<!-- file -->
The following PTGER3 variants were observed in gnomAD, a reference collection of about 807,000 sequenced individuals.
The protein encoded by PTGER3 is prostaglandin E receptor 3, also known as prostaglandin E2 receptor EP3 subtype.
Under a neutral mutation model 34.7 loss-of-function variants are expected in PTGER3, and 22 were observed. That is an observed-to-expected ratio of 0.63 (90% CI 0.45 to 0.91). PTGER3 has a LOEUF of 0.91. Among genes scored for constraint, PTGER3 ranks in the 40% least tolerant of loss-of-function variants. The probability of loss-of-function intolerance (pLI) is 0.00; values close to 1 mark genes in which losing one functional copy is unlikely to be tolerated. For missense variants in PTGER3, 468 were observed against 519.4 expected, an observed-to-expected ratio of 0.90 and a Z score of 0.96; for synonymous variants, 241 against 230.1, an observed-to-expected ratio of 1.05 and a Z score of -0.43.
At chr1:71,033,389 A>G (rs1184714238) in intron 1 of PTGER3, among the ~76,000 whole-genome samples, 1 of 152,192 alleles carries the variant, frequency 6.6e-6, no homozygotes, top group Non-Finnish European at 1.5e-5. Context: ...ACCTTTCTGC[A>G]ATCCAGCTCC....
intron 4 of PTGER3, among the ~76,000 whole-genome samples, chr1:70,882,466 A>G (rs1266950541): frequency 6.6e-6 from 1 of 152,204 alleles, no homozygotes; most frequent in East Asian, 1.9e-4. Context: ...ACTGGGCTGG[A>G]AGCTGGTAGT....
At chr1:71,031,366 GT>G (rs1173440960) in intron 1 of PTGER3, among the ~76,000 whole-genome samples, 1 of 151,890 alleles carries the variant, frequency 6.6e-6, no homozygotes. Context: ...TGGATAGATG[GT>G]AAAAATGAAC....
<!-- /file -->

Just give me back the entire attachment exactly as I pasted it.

The following PTGER3 variants were observed in gnomAD, a reference collection of about 807,000 sequenced individuals.
The protein encoded by PTGER3 is prostaglandin E receptor 3, also known as prostaglandin E2 receptor EP3 subtype.
Under a neutral mutation model 34.7 loss-of-function variants are expected in PTGER3, and 22 were observed. That is an observed-to-expected ratio of 0.63 (90% CI 0.45 to 0.91). PTGER3 has a LOEUF of 0.91. Among genes scored for constraint, PTGER3 ranks in the 40% least tolerant of loss-of-function variants. The probability of loss-of-function intolerance (pLI) is 0.00; values close to 1 mark genes in which losing one functional copy is unlikely to be tolerated. For missense variants in PTGER3, 468 were observed against 519.4 expected, an observed-to-expected ratio of 0.90 and a Z score of 0.96; for synonymous variants, 241 against 230.1, an observed-to-expected ratio of 1.05 and a Z score of -0.43.
At chr1:71,033,389 A>G (rs1184714238) in intron 1 of PTGER3, among the ~76,000 whole-genome samples, 1 of 152,192 alleles carries the variant, frequency 6.6e-6, no homozygotes, top group Non-Finnish European at 1.5e-5. Context: ...ACCTTTCTGC[A>G]ATCCAGCTCC....
intron 4 of PTGER3, among the ~76,000 whole-genome samples, chr1:70,882,466 A>G (rs1266950541): frequency 6.6e-6 from 1 of 152,204 alleles, no homozygotes; most frequent in East Asian, 1.9e-4. Context: ...ACTGGGCTGG[A>G]AGCTGGTAGT....
At chr1:71,031,366 GT>G (rs1173440960) in intron 1 of PTGER3, among the ~76,000 whole-genome samples, 1 of 151,890 alleles carries the variant, frequency 6.6e-6, no homozygotes. Context: ...TGGATAGATG[GT>G]AAAAATGAAC....